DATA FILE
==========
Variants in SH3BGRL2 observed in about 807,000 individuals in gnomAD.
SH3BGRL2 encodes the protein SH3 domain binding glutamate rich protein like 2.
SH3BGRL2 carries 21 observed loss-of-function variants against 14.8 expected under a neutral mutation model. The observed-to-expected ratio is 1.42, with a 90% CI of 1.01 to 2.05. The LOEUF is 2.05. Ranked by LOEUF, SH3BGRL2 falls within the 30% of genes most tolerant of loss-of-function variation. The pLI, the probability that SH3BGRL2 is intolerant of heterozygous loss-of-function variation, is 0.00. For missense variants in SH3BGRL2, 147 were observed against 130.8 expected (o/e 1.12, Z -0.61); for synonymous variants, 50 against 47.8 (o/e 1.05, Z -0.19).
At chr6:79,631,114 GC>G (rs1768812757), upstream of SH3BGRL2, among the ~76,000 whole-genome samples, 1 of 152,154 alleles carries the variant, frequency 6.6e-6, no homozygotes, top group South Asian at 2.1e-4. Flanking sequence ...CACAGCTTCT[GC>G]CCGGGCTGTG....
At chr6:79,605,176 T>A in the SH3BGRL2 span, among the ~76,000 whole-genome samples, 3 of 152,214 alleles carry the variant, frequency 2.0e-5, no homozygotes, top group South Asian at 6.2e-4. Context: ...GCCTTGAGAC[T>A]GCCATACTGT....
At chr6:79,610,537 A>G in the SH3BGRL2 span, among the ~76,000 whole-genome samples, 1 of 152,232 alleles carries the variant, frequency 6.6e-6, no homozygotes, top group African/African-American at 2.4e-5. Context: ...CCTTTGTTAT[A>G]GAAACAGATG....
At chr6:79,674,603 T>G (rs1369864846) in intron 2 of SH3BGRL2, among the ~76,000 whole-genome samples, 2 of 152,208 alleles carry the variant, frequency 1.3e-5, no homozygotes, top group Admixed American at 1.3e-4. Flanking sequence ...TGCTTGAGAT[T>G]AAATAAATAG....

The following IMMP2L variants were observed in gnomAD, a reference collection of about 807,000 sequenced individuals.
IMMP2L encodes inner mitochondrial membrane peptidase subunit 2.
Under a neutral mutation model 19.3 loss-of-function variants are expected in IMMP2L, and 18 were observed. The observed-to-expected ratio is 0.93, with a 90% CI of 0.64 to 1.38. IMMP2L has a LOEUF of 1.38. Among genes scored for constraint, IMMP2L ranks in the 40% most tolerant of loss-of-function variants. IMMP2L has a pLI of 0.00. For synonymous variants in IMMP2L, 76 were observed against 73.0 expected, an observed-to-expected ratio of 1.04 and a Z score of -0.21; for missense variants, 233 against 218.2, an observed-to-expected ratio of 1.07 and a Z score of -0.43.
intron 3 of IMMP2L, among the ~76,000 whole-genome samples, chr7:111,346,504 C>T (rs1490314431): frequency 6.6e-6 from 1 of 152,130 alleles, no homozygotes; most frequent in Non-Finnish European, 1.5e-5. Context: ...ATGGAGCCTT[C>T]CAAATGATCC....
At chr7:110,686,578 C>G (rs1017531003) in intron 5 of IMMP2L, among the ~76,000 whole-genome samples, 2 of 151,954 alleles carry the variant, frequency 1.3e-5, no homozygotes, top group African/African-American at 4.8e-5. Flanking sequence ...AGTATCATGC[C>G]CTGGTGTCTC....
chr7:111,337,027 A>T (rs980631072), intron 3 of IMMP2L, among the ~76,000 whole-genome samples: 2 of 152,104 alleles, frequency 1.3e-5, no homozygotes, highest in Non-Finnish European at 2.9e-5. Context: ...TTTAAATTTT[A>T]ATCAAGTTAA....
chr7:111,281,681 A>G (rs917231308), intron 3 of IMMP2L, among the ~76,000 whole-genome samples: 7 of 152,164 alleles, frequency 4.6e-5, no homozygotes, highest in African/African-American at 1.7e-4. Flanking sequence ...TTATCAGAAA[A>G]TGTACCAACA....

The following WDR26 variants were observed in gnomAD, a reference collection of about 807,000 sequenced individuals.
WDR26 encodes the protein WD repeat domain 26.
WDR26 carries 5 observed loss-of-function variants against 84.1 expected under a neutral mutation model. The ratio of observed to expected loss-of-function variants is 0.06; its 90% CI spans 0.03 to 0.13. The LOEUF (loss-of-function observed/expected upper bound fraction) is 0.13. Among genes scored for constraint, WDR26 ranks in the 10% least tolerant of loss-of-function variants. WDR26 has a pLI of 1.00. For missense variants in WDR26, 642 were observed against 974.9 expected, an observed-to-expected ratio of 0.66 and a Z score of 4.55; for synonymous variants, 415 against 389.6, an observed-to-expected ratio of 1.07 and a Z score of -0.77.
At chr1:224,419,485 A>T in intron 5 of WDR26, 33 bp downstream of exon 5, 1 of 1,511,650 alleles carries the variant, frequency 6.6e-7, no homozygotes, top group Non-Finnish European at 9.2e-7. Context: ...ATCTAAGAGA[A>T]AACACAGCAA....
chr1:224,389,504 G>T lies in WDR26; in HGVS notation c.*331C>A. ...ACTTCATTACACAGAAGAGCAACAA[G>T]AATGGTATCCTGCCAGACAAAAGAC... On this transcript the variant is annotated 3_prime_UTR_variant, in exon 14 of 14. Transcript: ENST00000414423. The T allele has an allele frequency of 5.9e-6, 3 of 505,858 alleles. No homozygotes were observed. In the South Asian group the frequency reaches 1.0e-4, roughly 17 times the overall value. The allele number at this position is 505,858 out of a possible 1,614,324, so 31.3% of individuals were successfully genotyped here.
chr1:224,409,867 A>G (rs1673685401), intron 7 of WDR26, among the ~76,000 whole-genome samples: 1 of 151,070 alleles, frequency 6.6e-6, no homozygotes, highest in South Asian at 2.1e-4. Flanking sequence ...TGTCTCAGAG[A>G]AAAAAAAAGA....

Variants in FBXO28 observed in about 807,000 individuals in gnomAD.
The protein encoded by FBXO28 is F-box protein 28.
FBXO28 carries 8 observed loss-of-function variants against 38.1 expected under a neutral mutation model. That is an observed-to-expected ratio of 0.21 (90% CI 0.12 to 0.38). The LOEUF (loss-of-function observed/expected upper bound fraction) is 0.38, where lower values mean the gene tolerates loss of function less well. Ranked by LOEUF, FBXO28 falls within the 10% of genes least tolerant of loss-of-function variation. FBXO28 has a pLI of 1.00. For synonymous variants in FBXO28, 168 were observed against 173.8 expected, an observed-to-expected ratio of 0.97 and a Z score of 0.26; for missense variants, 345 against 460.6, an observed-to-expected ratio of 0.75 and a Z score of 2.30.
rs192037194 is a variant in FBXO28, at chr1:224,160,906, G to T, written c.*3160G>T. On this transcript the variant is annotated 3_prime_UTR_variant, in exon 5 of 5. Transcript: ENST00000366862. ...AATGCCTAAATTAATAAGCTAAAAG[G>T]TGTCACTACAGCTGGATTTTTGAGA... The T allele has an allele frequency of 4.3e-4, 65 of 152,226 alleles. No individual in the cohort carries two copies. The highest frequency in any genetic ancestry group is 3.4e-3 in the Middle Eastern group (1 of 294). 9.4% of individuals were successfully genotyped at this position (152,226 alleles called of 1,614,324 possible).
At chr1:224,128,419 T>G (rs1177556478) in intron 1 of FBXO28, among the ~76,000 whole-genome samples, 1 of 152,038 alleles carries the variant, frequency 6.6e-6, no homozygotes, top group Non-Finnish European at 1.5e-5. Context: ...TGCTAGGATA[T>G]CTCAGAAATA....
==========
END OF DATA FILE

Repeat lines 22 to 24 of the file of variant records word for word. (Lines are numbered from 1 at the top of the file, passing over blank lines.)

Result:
The protein encoded by FBXO28 is F-box protein 28.
FBXO28 carries 8 observed loss-of-function variants against 38.1 expected under a neutral mutation model. That is an observed-to-expected ratio of 0.21 (90% CI 0.12 to 0.38). The LOEUF (loss-of-function observed/expected upper bound fraction) is 0.38, where lower values mean the gene tolerates loss of function less well. Ranked by LOEUF, FBXO28 falls within the 10% of genes least tolerant of loss-of-function variation. FBXO28 has a pLI of 1.00. For synonymous variants in FBXO28, 168 were observed against 173.8 expected, an observed-to-expected ratio of 0.97 and a Z score of 0.26; for missense variants, 345 against 460.6, an observed-to-expected ratio of 0.75 and a Z score of 2.30.
rs192037194 is a variant in FBXO28, at chr1:224,160,906, G to T, written c.*3160G>T. On this transcript the variant is annotated 3_prime_UTR_variant, in exon 5 of 5. Transcript: ENST00000366862. ...AATGCCTAAATTAATAAGCTAAAAG[G>T]TGTCACTACAGCTGGATTTTTGAGA... The T allele has an allele frequency of 4.3e-4, 65 of 152,226 alleles. No individual in the cohort carries two copies. The highest frequency in any genetic ancestry group is 3.4e-3 in the Middle Eastern group (1 of 294). 9.4% of individuals were successfully genotyped at this position (152,226 alleles called of 1,614,324 possible).